- Overcurrent protection/maximum output of 5V/3.3A (measured from both USB-A ports).
- USB-C ~15W max output.
It's able to take a charge simultaneously from both USB-C and Micro-USB, and I don't have the gear to measure both simultaneously, so we'll have to accept the OEM's provided numbers for max rates. I will note, charging time over USB-C is quite long. After the full drain to test capacity, an overnight charge from a 2.4A source was not sufficient to top it up completely.
I can't measure charging rates or time realistically when it comes to the solar panel, but anecdotally it is very slow. If the specifications are to be believed, it provides power to the battery at a maximum of 5V/0.3A which is... not a lot. A couple weeks of direct sunlight might be required to fully charge it.
It's also worth noting that my Pixelbook—which is notoriously picky when it comes to power—refuses to pull power from it at all over USB-C.
RAVPower 10,000mAh solar-charging battery
The smaller of RAVPower's new batteries is both less expensive and less durable. At a list price of $29.99, ($19.99 with our coupon code APRAVPB082) the 10,000mAh model still sports a solar panel, but there's no waterproofing here.
Half the price gets you less than half the capacity and fewer useful outputs, cutting down from 3 to 2 as it loses USB-C. There are only USB-A outputs and Micro-USB input.
|Input||Micro-USB, up to 5V up to 2.1A|
|Solar charging||5V 200mA (advertised)|
|Outputs||2X USB-A, 5V 2.1A combined, up to 5V 2.1A max per outlet.|
|Dimensions||6.9" x 3.4" x 0.6" (175mm x 86mm x 15mm)|
|Weight||9.8 oz (278g)|
|Warranty||18-month, plus 12 more after registration|
|Price||$29.99 ($19.99 w/ our code APRAVPB082, valid until the end of July)|
|Thin||Not the slimmest in this capacity range, but 0.6" is small enough to pocket, and smaller batteries don't have solar panels.|
|Price||Again, $30 list price is in line with (or a bit cheaper than) many other batteries of similar capacity, and you get a solar panel.|
|No waterproofing||Unlike the bigger brother, this model is just encased in plastic.|
|No USB-C||This is the big deal-breaker, who wants to carry an extra USB-C to A cable in 2018?|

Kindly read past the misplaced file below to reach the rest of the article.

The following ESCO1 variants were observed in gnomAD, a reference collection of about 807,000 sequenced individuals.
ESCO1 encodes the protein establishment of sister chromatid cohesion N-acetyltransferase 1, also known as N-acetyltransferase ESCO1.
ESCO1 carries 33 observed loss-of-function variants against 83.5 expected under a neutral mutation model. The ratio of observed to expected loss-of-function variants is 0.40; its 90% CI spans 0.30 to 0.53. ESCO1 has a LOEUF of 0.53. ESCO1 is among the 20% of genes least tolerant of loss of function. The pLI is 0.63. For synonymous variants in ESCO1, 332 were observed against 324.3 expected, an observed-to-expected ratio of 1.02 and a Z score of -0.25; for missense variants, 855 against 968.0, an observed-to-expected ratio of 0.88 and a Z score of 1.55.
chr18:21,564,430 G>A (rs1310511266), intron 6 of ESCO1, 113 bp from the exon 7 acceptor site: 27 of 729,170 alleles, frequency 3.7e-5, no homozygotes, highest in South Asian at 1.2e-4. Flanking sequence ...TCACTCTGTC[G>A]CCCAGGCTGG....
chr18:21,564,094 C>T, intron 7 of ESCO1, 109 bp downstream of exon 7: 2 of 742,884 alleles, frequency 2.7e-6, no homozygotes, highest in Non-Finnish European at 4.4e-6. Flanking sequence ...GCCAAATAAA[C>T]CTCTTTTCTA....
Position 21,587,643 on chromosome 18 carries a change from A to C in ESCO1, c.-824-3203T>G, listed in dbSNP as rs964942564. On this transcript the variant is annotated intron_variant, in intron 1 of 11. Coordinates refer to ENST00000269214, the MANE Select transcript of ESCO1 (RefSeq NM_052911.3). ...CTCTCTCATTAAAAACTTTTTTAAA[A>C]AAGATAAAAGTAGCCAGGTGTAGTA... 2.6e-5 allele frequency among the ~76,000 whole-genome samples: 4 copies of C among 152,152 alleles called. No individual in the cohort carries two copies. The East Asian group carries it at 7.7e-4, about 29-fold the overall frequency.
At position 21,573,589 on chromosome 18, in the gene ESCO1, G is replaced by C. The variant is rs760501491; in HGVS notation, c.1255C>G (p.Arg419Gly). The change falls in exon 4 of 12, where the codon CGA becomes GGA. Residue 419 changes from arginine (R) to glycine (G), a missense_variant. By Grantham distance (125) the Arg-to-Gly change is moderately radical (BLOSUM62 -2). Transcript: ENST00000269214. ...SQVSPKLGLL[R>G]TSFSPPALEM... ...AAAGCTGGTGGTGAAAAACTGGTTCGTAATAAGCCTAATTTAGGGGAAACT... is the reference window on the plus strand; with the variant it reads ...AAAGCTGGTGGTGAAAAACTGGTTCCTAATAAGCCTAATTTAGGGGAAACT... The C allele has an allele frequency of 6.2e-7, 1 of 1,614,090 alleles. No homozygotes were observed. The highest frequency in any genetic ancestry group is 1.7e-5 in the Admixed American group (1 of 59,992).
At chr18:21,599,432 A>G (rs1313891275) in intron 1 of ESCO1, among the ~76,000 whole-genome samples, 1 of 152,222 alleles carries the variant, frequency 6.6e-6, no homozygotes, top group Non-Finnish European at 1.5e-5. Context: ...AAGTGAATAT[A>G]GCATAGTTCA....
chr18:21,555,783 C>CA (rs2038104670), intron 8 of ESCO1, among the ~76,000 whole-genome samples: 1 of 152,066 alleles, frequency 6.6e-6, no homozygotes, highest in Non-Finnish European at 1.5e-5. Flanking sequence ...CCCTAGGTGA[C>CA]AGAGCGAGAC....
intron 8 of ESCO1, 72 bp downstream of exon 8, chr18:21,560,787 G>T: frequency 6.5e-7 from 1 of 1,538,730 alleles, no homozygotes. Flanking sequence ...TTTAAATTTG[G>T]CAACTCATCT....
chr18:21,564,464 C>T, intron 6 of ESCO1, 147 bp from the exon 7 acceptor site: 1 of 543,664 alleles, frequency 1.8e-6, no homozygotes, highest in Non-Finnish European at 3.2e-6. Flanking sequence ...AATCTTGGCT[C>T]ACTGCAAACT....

|Charging||Micro-USB input is meh.|
|Solar panel||It's very slow to charge from it.|
This smaller battery is very different from its larger cousin when it comes to features and materials. It's still a brick, but it's thinner and less durable, encased entirely in matte black plastic. It also has a solar panel for charging, but this one is a bit smaller.
All this battery's business is localized to the same side, with both outputs and a dimmer flashlight on the bottom edge. The power button is near that end on the left edge, while the Micro-USB input is in the same spot on the right. The LEDs for power level are at the bottom on the front.
This smaller battery can also be hung up like its bigger brother, but this time by a flimsier plastic loop.
Included with the battery are two Micro-USB cables.
Pure specs from tests are as follows:
- 33.1 Wh capacity (measured from USB-A at 5V/2A over 3:17).
- Overcurrent protection/maximum output of ~2.75-3A (measured from USB-A).
Although my tester was able to manually request up above 2.5A, none of my devices were able to exceed that rate. The largest real-world numbers I saw were 5V/2.3A with a MacBook Pro.
This smaller battery understandably fills up more quickly than the more capacious model, reaching a full charge easily overnight. Again, I can't actually measure the rates the solar panel provides the battery, but with an advertised 5V/0.2A maximum, it probably won't supply a full charge without a week (or more) of sunlight.
Should you buy them?
If you're the outdoorsy type who goes camping or hiking a lot, and you need something with some extra durability to keep a device topped up, the larger 25,000mAh battery should probably be on your shortlist. It's waterproof-ish, shock-mounted and durable, with a metal hanging hook and a range of outputs, plus a solar panel. It won't charge purely from sunlight very fast, but it might grab just a bit of extra power during the day as it's slung on your pack. The ~15W output limitation over USB-C could be a deal breaker if you hoped to use it with a laptop or more power-hungry device, though.
The 25,000mAh battery is waterproof, durable, and a decent value. The same can't be said for the smaller 10,000mAh model.
On the other hand, unless you need a solar panel and you're willing to skip USB-C support, I'd probably steer clear of RAVPower's smaller 10,000mAh battery. There are other slightly more expensive (though solar panel-less) models out there that support faster charging standards and USB-C. The difference really is worth it if your phone supports either.
RAVPower's batteries are sold exclusively through Amazon, and the company has offered our readers coupon codes for both models that are good until the end of July.